"I have to tell you Sen. King, I know nothing but what I've read in the paper," Sessions said
to Angus King of Maine. "I've never received any detailed briefing on how hacking occurred or how information was alleged to have influenced the campaign."
That is an incredible statement, given the size and scope of the threat Russia posed to American democracy. We now know that Russian cyberattacks on US voting systems were much broader and deeper than previously believed, and included as many as 39 states, according to
Former FBI Director James Comey was blunt in his assessment of the situation during his own recent testimony to Congress.
"We're talking about a foreign government that, using technical intrusion, lots of other methods, tried to shape the way we think, we vote, we act. That is a big deal. And people need to recognize it," Comey said
Comey also testified
that the Russians interfered in the 2016 election: "They did it with purpose. They did it with sophistication. They did it with overwhelming technical efforts. And it was an active-measures campaign driven from the top of that government. There is no fuzz on that. That's about as un-fake as you can possibly get and is very, very serious."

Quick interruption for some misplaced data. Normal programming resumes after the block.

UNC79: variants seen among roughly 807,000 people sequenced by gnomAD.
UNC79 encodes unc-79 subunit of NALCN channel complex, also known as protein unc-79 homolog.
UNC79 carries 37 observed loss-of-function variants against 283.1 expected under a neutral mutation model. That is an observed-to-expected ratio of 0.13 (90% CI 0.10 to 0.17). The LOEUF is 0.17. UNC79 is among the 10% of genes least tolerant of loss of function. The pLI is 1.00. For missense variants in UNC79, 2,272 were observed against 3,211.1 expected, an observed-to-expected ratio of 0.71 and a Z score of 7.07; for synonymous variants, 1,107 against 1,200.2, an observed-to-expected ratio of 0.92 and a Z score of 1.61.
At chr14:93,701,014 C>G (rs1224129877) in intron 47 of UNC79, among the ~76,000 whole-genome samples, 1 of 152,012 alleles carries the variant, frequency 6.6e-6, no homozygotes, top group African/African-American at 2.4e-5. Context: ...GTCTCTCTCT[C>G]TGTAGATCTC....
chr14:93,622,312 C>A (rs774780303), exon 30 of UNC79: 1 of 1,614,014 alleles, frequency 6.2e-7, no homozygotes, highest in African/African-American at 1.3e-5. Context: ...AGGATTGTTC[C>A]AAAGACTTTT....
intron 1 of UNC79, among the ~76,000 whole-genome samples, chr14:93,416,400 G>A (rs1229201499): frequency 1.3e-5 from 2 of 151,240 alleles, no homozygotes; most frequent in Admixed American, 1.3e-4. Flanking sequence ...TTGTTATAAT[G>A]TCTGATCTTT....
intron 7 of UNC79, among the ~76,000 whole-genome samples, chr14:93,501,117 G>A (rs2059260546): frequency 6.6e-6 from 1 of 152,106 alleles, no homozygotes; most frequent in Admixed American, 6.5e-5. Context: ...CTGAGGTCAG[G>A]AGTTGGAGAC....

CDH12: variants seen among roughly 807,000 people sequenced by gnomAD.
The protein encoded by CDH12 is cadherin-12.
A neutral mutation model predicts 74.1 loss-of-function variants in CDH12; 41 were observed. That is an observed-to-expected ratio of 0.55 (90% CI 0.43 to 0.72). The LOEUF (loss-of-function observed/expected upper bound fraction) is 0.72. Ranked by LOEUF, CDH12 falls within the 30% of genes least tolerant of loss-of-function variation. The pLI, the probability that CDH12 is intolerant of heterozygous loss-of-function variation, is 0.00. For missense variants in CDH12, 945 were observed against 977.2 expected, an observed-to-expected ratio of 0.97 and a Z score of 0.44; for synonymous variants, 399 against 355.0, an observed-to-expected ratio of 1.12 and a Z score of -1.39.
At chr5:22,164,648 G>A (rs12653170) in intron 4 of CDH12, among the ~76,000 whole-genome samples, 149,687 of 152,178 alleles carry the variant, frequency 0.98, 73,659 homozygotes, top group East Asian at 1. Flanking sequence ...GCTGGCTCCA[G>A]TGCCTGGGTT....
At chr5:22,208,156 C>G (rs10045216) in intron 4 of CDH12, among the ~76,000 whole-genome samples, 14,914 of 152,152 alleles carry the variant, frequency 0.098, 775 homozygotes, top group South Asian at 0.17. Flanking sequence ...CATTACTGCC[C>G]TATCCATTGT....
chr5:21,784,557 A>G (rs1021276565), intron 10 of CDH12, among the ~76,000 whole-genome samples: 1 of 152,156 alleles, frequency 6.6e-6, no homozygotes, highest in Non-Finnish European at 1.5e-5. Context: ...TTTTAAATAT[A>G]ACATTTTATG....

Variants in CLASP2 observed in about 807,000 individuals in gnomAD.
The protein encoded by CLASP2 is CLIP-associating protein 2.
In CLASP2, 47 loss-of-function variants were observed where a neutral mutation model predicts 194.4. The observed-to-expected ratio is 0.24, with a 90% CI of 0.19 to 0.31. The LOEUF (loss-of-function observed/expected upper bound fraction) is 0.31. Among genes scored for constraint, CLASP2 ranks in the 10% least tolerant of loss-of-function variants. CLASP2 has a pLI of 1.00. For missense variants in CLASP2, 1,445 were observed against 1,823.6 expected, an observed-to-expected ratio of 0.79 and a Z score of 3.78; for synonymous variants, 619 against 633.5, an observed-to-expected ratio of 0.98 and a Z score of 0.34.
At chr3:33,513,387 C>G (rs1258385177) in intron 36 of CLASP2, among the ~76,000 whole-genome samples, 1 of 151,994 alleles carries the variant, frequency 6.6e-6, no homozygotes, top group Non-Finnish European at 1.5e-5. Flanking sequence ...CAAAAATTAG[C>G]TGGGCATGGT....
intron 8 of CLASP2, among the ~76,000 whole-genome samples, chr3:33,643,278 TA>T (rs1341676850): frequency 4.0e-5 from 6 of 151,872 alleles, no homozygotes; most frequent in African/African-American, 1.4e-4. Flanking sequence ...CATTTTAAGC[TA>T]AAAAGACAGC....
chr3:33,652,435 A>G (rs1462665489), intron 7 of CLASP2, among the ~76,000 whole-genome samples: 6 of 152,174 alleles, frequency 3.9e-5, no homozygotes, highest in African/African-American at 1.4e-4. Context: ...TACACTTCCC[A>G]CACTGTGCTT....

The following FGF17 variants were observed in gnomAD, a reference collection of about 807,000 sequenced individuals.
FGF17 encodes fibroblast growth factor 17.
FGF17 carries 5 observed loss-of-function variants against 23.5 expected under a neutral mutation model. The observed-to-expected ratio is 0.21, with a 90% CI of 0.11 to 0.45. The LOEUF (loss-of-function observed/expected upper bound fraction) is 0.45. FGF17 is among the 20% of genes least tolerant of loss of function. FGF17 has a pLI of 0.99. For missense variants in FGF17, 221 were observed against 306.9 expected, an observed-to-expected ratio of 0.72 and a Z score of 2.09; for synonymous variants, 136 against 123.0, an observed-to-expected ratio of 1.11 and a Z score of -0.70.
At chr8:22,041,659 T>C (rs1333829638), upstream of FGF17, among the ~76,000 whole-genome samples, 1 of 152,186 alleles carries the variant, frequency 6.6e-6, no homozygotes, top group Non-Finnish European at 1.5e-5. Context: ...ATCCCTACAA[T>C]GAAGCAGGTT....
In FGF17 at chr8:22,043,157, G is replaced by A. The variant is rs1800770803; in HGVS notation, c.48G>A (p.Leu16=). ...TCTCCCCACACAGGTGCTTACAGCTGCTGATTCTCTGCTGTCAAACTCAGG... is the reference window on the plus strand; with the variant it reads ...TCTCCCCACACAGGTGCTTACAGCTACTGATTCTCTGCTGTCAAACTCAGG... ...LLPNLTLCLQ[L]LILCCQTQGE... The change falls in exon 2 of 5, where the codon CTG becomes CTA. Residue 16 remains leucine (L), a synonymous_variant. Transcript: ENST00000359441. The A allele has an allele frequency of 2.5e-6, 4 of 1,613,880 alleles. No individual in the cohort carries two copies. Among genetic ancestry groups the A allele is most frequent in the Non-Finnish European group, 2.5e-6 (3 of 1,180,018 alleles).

That looming threat has already caused turmoil in the White House. Undisclosed meetings and business transactions with Russians -- and false statements about those meetings -- cost
Gen. Michael Flynn his job as national security adviser to President Trump.
The White House is effectively under siege, coping with ongoing investigations by two congressional committees and a separate, independent counsel appointed by the Justice Department. President Trump and other top officials have hired private attorneys
With all this legal and political turmoil, one would expect the nation's top law enforcement official to exhibit at least enough curiosity to get the latest reliable information about this five-alarm threat to American democracy.
Instead, Sessions' testimony reveals a shocking lack of action -- or even curiosity -- by Trump administration officials who should be organizing ways to defend US voting systems from outside attacks.
Sessions, outraged by insinuations he colluded with Russians to swing the 2016 elections, called the accusation
a "detestable lie." He has every right to defend his name.
But the White House's troubles can't be allowed to overshadow the larger crisis of a hostile power tampering with American elections. If Trump, Sessions and other White House officials want to quiet accusations of collusion, they should spend less time ducking questions from Congress and more time working with state- and county-level boards of election to detect and block future cyberattacks.
What on Earth are they waiting for?